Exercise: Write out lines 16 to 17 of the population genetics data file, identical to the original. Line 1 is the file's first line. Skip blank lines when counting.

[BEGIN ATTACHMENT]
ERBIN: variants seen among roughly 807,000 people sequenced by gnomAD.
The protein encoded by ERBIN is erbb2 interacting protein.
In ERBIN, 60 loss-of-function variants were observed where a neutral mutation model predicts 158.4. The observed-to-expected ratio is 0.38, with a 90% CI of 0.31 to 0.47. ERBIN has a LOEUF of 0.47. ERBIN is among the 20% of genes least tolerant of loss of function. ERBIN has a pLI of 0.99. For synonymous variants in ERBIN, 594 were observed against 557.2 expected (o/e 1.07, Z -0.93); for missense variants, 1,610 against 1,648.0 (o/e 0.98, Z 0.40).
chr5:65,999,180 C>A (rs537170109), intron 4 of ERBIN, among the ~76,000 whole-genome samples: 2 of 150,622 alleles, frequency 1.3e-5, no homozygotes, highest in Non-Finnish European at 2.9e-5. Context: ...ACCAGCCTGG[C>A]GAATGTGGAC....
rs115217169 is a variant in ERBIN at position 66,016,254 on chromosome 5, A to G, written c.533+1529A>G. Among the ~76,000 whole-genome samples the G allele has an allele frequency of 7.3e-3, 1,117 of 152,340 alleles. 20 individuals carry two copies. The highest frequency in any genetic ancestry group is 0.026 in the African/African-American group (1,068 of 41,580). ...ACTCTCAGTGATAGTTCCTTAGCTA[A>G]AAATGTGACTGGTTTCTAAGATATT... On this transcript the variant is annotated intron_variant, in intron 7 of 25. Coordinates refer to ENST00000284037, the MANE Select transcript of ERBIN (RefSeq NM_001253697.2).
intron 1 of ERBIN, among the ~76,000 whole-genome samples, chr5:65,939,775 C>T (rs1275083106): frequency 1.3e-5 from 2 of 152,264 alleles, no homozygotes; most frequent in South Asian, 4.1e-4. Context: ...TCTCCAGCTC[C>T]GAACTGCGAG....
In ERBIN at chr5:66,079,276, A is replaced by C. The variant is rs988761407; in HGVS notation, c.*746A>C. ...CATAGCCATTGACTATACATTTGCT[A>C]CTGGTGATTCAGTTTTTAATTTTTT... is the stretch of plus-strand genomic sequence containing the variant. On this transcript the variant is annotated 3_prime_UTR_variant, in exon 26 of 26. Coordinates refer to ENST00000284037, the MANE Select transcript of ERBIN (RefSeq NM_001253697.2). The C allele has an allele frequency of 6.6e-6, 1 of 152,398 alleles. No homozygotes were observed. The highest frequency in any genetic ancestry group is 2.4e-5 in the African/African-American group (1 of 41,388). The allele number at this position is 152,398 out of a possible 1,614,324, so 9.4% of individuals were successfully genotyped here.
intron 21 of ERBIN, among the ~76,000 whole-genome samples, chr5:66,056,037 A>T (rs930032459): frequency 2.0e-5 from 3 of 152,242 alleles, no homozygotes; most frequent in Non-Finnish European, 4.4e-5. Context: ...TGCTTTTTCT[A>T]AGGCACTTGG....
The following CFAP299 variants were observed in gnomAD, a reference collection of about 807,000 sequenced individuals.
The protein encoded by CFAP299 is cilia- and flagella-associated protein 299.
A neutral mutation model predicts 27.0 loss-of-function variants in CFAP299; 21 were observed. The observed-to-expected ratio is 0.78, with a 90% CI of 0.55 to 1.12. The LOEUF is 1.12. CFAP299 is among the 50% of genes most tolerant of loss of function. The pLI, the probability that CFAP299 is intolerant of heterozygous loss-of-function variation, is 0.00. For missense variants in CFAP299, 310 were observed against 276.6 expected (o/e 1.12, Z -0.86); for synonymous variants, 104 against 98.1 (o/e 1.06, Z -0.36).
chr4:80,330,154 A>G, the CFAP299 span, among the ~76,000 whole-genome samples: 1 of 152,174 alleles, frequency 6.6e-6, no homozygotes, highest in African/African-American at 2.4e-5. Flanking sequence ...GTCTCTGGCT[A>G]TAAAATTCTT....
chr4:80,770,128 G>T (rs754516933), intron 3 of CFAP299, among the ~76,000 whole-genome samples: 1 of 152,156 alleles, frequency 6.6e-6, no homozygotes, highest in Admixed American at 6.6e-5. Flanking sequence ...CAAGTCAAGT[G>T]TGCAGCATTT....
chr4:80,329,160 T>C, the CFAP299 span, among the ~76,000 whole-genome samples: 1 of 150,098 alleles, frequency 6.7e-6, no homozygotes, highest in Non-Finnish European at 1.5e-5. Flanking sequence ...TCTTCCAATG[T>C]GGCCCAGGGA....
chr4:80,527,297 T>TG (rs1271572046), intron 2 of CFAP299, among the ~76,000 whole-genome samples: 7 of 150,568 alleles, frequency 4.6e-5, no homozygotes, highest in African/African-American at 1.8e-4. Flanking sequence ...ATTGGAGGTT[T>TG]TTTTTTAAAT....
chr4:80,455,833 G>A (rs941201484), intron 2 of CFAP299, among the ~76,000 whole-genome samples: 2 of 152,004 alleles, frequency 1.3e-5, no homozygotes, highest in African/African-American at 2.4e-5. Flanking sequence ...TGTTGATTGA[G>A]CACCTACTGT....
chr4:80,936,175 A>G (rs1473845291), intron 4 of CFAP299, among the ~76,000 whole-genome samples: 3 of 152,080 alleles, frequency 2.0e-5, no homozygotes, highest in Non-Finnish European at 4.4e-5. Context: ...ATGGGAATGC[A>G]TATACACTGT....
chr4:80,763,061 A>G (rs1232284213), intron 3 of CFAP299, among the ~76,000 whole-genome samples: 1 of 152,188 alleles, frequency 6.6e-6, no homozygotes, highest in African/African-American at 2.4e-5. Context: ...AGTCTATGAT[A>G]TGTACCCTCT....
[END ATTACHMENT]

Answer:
chr4:80,455,833 G>A (rs941201484), intron 2 of CFAP299, among the ~76,000 whole-genome samples: 2 of 152,004 alleles, frequency 1.3e-5, no homozygotes, highest in African/African-American at 2.4e-5. Flanking sequence ...TGTTGATTGA[G>A]CACCTACTGT....
chr4:80,936,175 A>G (rs1473845291), intron 4 of CFAP299, among the ~76,000 whole-genome samples: 3 of 152,080 alleles, frequency 2.0e-5, no homozygotes, highest in Non-Finnish European at 4.4e-5. Context: ...ATGGGAATGC[A>G]TATACACTGT....